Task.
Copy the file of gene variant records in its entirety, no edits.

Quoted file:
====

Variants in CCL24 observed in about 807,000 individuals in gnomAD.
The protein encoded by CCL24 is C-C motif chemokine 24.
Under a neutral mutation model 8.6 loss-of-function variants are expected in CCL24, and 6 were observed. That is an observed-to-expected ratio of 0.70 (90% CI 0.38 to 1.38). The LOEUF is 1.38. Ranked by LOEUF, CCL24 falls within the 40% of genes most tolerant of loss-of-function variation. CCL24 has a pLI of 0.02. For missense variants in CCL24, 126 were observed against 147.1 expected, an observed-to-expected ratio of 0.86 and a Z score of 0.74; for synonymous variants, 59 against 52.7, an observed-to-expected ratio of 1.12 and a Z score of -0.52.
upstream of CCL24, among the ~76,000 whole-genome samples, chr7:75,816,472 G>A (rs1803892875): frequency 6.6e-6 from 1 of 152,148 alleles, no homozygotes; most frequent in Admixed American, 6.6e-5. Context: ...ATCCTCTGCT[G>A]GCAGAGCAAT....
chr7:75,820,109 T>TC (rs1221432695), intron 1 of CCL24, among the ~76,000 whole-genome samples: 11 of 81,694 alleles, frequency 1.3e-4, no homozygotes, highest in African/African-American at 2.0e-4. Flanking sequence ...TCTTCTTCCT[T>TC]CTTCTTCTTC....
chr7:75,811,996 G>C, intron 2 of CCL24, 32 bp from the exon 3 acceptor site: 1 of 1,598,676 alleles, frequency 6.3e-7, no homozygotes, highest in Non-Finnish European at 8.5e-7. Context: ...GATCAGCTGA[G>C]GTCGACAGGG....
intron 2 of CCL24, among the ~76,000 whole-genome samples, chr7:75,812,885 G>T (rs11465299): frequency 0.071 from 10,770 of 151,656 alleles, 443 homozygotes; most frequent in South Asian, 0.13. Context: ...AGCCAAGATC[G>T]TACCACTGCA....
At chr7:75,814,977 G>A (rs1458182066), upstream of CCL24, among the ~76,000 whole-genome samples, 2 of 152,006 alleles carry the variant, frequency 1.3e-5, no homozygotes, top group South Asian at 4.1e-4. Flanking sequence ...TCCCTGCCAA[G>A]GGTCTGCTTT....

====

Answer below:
Variants in CCL24 observed in about 807,000 individuals in gnomAD.
The protein encoded by CCL24 is C-C motif chemokine 24.
Under a neutral mutation model 8.6 loss-of-function variants are expected in CCL24, and 6 were observed. That is an observed-to-expected ratio of 0.70 (90% CI 0.38 to 1.38). The LOEUF is 1.38. Ranked by LOEUF, CCL24 falls within the 40% of genes most tolerant of loss-of-function variation. CCL24 has a pLI of 0.02. For missense variants in CCL24, 126 were observed against 147.1 expected, an observed-to-expected ratio of 0.86 and a Z score of 0.74; for synonymous variants, 59 against 52.7, an observed-to-expected ratio of 1.12 and a Z score of -0.52.
upstream of CCL24, among the ~76,000 whole-genome samples, chr7:75,816,472 G>A (rs1803892875): frequency 6.6e-6 from 1 of 152,148 alleles, no homozygotes; most frequent in Admixed American, 6.6e-5. Context: ...ATCCTCTGCT[G>A]GCAGAGCAAT....
chr7:75,820,109 T>TC (rs1221432695), intron 1 of CCL24, among the ~76,000 whole-genome samples: 11 of 81,694 alleles, frequency 1.3e-4, no homozygotes, highest in African/African-American at 2.0e-4. Flanking sequence ...TCTTCTTCCT[T>TC]CTTCTTCTTC....
chr7:75,811,996 G>C, intron 2 of CCL24, 32 bp from the exon 3 acceptor site: 1 of 1,598,676 alleles, frequency 6.3e-7, no homozygotes, highest in Non-Finnish European at 8.5e-7. Context: ...GATCAGCTGA[G>C]GTCGACAGGG....
intron 2 of CCL24, among the ~76,000 whole-genome samples, chr7:75,812,885 G>T (rs11465299): frequency 0.071 from 10,770 of 151,656 alleles, 443 homozygotes; most frequent in South Asian, 0.13. Context: ...AGCCAAGATC[G>T]TACCACTGCA....
At chr7:75,814,977 G>A (rs1458182066), upstream of CCL24, among the ~76,000 whole-genome samples, 2 of 152,006 alleles carry the variant, frequency 1.3e-5, no homozygotes, top group South Asian at 4.1e-4. Flanking sequence ...TCCCTGCCAA[G>A]GGTCTGCTTT....